This is the next mix. 😉 But if you came wondering what this site is all about, here’s a little background for you:
I’ve been obsessively making playlists for many years now, sharing them with friends as I go. The Next Mix is a way to share the music I love with a broader community in the form of articles and Spotify playlists (1).
I’ve always had an eclectic taste in music. Growing up, my mom would play music in the car or at home—Motown, singer-songwriters, and classic “oldies,” which at the time meant rock and pop from the 50’s and 60’s. My Dad introduced me to a lot of classical and folk music from across the world. My sister introduced me to early electronic dance music, music from Japan, and punk music. In my own explorations, I discovered metal, techno, hip hop, 90’s alternative, and eventually just about every genre you could imagine.
The Next Mix is an attempt to showcase some of my favorite songs of the past and of today, with a bit of personal context for why those songs are meaningful or interesting to me.
To me, music is a mental health practice. Music is sacred. Music is magical. I truly think that we have undervalued music to a criminal degree.
2016 was the first time in 16 years that there was any significant revenue growth in the music industry at all, following the Napster-driven collapse of physical music distribution, when we decided that “Everything Is Free.” These days, artists make a fraction of a penny for each stream of a song that they poured their heart and soul into.
Meanwhile, studies have shown that listening to music reduces stress and depression, enhances cognitive functioning like reading and mathematical abilities, improves working memory, and can stave off the effects of aging. Learning an instrument combines all those benefits and takes them into hyperdrive, integrating the visual and motor cortices of the brain to connect mind and body. People listen to different kinds of music in different seasons and at different times of day in order to modulate their mood. All this means that music is essentially the caffeine we drink in the morning, the melatonin we take to fall asleep, the SSRI we take for depression. Music is the miracle drug we’ve all been ignoring.
Not every playlist I share on The Next Mix is going to cure depression, and I make no specific claims about the health benefits of any particular song or playlist. But make no mistake about it: Music is powerful. With the awareness of this power, I deeply consider and appreciate every song that ends up on a mix, whether it be playful or heart wrenching.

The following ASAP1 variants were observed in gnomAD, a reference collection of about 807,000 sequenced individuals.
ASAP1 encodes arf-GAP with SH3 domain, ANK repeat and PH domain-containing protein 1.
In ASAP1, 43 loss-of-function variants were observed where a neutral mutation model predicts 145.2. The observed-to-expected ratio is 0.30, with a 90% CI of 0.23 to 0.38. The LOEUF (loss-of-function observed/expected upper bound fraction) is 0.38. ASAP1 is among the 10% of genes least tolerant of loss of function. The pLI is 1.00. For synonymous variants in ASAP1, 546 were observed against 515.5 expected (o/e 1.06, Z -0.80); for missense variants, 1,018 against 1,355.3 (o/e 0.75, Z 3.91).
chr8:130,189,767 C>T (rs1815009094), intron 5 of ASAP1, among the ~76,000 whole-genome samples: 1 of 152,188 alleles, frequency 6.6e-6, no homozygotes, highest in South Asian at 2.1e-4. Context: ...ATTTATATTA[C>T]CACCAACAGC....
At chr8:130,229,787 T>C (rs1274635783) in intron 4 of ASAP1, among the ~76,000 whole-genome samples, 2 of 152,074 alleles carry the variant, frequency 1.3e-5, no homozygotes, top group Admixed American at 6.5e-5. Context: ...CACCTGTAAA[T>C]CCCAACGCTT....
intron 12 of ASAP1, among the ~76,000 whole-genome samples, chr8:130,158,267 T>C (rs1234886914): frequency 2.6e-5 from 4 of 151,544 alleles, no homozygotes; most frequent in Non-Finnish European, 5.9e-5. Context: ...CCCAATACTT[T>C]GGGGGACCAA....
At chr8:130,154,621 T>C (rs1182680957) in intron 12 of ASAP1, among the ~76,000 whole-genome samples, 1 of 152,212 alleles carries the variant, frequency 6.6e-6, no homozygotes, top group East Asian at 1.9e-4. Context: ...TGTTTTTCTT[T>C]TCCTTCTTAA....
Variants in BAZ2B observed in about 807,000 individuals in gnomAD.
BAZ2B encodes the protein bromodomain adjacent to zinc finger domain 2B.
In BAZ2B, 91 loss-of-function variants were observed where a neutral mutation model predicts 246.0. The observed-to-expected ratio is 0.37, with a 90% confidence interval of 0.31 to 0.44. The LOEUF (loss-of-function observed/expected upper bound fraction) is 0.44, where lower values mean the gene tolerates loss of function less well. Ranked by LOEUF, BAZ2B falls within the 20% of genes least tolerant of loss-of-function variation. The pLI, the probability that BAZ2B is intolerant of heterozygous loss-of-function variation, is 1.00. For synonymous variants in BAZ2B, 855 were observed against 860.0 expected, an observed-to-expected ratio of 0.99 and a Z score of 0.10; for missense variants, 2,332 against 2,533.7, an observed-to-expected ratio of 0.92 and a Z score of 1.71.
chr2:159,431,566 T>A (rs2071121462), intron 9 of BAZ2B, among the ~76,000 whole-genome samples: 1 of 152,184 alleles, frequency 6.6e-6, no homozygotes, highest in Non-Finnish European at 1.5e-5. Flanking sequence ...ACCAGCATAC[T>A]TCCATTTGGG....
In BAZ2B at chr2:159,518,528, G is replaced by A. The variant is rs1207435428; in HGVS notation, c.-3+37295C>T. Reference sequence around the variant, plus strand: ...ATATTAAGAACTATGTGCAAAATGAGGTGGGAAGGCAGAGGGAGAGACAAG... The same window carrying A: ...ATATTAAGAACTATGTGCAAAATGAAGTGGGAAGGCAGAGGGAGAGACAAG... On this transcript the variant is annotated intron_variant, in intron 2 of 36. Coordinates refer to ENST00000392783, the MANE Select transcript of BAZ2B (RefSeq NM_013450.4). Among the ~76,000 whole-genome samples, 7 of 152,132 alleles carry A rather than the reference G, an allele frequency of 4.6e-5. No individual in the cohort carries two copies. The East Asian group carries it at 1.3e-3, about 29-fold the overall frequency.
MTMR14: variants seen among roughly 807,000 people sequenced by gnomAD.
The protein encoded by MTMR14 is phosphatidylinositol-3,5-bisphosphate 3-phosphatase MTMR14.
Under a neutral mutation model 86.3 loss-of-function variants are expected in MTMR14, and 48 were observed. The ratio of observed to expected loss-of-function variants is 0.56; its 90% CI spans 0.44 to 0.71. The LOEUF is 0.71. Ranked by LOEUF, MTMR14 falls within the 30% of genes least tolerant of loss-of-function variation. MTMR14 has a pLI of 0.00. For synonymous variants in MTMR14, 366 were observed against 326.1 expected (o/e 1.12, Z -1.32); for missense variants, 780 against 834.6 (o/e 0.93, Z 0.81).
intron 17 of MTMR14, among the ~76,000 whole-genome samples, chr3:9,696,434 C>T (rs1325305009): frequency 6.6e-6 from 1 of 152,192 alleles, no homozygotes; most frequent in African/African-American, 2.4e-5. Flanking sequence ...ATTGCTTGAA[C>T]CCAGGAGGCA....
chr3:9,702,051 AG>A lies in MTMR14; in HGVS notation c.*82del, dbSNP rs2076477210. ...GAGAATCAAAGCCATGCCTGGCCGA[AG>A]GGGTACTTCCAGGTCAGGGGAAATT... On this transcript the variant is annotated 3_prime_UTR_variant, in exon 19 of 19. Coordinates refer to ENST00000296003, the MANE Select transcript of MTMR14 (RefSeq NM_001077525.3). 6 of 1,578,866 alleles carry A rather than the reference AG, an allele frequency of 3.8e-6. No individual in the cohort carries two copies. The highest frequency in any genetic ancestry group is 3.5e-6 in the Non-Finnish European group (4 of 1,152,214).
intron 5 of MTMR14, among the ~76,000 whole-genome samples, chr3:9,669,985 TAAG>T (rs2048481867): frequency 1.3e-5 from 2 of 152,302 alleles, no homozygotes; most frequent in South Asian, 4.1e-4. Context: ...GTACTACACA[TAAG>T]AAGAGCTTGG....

I hope you’ll listen to some music today, and I hope that The Next Mix helps you find something new to dance to, something to smile about, something to remind you of the ones you love. If the first mix you find on here isn’t your style, rest assured you’ll find something completely different… on the next mix.
Footnote (1): But why Spotify playlists? While I fully respect and regularly support independent musicians who choose not to list their music on Spotify (in lieu of something like Bandcamp), Spotify is the most widespread, user-friendly streaming service, and tends to have the most expansive catalogue. I’ve also found it to be the platform that best encourages quick and easy playlist creation and sharing. Apple Music has a user adoption problem. Tidal was built for a niche audience, over-promised to musicians, and never really took off. YouTube tends to be unpredictable in terms of sound quality or videos getting removed for copyright violation.
All-in-all, crowdfunding platforms like Patreon are probably the best system currently for actually financially sustaining independent musicians—Amanda Palmer being one of the star examples. Spotify absolutely needs to better compensate musicians for their art.
That said, Spotify is one of the only reasons that the music industry has grown in the last few years. As discussed above, 2016 was the first time in 16 years that there was any significant revenue growth in the music industry at all, and that growth was driven entirely by streaming music. Thom Yorke, Taylor Swift, and The Black Keys have all ended their feud with Spotify and added their music to the platform.
Money is not being distributed equitably by Spotify. But there’s something to be said for them helping to revive an industry that had no sustainable business models left.